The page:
Sports massage is adjunctive therapy which can be an extremely useful treatment to complement the care and management of injury and trigger the body’s ability to help itself back to health.


Physiology of Muscle Problems

What is the function of the muscular system?

  • Support of the skeleton system.
  • Individual muscles generate a pulling force from both ends to their center by contracting.
  • Muscles are attached to bone and act as levers to do work.
  • All skeletal muscles are attached by tendons to at least two bones and span at least one joint.  One attachment is the origin and the other is the insertion.

What are muscles composed of?

  • Individual microscopic strands of fibers composed of collagen bound together in compartments and surrounded by connective tissue.

What happens when a muscle is strained?

  • Individual fibers tear end to end through over stress.

What is a spasm?

  • The residual effect of a muscle strain as the body repairs the damage by laying down random patterns of collagen to begin the healing process.  This random pattern is what is known as scar tissue.

What are the reasons muscular injuries occur?

  • Overexertion
  • Fatigue
  • Sudden off movement
  • Cold starts

What long term problems do muscular injuries cause?

  • Decrease of circulation inhibiting oxygen to muscles thereby increasing lactic acid in the muscles.
  • Limitation of movement and flexion, range of motion.

What can be done to prevent muscular injuries?

  • Keep the muscular system in a healthy tensional state.
  • Warm up prior to exercise.
  • Stretching.

How do muscular injuries affect performance?

  • Increase stress on other muscles through chain reaction.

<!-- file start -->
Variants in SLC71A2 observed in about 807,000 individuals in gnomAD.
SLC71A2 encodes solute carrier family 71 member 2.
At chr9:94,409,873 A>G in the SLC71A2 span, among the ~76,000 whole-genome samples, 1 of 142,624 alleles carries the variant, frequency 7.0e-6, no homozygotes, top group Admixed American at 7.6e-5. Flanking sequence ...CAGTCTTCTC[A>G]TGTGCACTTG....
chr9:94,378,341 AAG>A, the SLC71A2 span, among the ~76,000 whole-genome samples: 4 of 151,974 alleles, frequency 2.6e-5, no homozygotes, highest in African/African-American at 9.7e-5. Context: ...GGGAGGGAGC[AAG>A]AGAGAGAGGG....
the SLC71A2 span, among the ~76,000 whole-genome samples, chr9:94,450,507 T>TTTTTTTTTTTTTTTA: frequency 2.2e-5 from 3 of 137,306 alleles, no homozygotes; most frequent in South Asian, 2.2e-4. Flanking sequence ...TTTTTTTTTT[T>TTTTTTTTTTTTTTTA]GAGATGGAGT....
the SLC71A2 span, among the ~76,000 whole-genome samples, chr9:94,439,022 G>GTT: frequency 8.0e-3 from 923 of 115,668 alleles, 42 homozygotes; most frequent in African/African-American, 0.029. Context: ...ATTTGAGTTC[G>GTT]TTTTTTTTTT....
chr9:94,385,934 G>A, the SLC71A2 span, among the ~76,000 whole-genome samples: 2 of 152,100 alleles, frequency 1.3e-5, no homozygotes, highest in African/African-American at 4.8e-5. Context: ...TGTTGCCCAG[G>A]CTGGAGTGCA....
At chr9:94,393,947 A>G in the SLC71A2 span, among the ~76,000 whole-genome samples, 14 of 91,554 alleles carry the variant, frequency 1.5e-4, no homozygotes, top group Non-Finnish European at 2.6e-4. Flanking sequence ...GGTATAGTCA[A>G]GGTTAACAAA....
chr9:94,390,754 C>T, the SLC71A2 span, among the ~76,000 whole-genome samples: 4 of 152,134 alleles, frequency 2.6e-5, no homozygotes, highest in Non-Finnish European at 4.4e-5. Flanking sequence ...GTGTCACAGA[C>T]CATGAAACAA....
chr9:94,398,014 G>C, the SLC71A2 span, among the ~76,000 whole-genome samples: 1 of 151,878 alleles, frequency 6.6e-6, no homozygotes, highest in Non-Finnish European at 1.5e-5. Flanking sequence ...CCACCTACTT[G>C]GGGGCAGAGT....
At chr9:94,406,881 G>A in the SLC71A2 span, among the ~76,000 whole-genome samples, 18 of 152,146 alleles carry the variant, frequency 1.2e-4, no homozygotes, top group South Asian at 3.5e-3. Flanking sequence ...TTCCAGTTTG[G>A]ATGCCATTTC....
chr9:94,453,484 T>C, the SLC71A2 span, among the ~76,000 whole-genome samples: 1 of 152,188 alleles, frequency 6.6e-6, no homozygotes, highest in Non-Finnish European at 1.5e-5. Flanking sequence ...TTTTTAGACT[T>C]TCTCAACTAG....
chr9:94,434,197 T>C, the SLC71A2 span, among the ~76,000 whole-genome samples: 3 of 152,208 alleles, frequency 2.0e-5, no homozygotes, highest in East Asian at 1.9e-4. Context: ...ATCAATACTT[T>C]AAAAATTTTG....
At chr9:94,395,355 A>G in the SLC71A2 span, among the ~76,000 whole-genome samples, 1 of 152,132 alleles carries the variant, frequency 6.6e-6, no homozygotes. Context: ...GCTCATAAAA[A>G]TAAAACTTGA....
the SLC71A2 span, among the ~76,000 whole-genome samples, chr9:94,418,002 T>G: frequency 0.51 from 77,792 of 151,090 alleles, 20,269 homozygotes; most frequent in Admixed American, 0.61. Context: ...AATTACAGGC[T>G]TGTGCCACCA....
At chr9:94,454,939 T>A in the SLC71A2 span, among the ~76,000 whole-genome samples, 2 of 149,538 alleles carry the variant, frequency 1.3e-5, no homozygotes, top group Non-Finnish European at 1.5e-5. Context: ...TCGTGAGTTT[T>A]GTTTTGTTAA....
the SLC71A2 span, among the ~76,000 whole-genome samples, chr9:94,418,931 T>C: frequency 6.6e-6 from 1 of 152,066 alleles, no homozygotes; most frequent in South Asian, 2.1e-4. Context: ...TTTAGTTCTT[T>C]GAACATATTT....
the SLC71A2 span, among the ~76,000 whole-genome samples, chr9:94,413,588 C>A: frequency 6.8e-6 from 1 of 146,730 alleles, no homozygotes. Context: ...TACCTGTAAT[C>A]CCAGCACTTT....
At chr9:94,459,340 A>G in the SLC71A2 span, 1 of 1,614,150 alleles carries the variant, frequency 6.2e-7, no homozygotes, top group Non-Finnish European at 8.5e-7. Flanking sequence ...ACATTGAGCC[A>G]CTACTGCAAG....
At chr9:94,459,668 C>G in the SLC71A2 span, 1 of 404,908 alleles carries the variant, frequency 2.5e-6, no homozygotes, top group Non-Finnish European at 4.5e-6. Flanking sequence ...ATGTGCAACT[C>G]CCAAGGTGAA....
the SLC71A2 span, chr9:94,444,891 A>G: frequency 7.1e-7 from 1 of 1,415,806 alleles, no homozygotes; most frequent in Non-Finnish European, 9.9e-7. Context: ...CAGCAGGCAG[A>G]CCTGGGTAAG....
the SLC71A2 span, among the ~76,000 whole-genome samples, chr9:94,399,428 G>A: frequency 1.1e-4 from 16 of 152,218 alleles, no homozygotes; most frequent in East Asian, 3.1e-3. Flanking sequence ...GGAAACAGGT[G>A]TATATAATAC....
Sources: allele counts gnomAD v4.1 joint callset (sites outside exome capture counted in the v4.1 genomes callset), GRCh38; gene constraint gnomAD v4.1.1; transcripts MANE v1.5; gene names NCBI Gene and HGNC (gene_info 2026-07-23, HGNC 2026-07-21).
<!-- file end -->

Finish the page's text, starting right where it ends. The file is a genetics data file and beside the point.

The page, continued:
• Limit range of motion.
  • Affects endurance.

Psychological influence on the horse of long term muscular problems.

  • Natural inclination to protect injured area long after injury has healed.
  • Injuries affect the alignment of the horses body and how it carries itself.
  • Have the confidence to fully exert the body without injury.

How long the therapeutic session is depends on how many issues in the body, how quickly the body responds to treatment and most importantly the body’s tolerance level.  Both the horse and his tissue will be very clear and express when enough is enough manipulating problem areas. 

Most often one session will not be sufficient to work out all the knots and adhesions.   The longer standing or more chronic the problems, the longer it takes the body to accept release and clear these areas.   The session will end with a series of stretches and leave the horse in a relaxed state physically and emotionally. 

Following the session the horse does not need to be exercised as the muscular system has already had an hour or more of work.   What is ideal is to allow the horse to walk and stretch naturally on turn-out.   The body continues movement which provides for continual increased circulation to eliminate the metabolic wastes that have been freed from the tissues during the session.